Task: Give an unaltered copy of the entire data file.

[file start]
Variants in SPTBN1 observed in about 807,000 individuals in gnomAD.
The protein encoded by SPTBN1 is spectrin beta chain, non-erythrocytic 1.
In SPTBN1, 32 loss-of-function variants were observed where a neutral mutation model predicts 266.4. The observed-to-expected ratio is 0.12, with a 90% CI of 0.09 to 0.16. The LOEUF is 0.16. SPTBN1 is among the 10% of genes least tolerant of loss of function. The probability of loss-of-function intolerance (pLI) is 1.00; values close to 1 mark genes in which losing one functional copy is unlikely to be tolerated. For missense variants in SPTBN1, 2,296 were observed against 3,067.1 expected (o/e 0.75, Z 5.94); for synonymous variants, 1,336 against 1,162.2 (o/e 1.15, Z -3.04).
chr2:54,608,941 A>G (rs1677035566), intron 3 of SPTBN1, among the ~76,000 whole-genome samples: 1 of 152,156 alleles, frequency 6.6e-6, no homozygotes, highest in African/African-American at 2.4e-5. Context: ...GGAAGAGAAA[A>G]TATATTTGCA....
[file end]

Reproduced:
Variants in SPTBN1 observed in about 807,000 individuals in gnomAD.
The protein encoded by SPTBN1 is spectrin beta chain, non-erythrocytic 1.
In SPTBN1, 32 loss-of-function variants were observed where a neutral mutation model predicts 266.4. The observed-to-expected ratio is 0.12, with a 90% CI of 0.09 to 0.16. The LOEUF is 0.16. SPTBN1 is among the 10% of genes least tolerant of loss of function. The probability of loss-of-function intolerance (pLI) is 1.00; values close to 1 mark genes in which losing one functional copy is unlikely to be tolerated. For missense variants in SPTBN1, 2,296 were observed against 3,067.1 expected (o/e 0.75, Z 5.94); for synonymous variants, 1,336 against 1,162.2 (o/e 1.15, Z -3.04).
chr2:54,608,941 A>G (rs1677035566), intron 3 of SPTBN1, among the ~76,000 whole-genome samples: 1 of 152,156 alleles, frequency 6.6e-6, no homozygotes, highest in African/African-American at 2.4e-5. Context: ...GGAAGAGAAA[A>G]TATATTTGCA....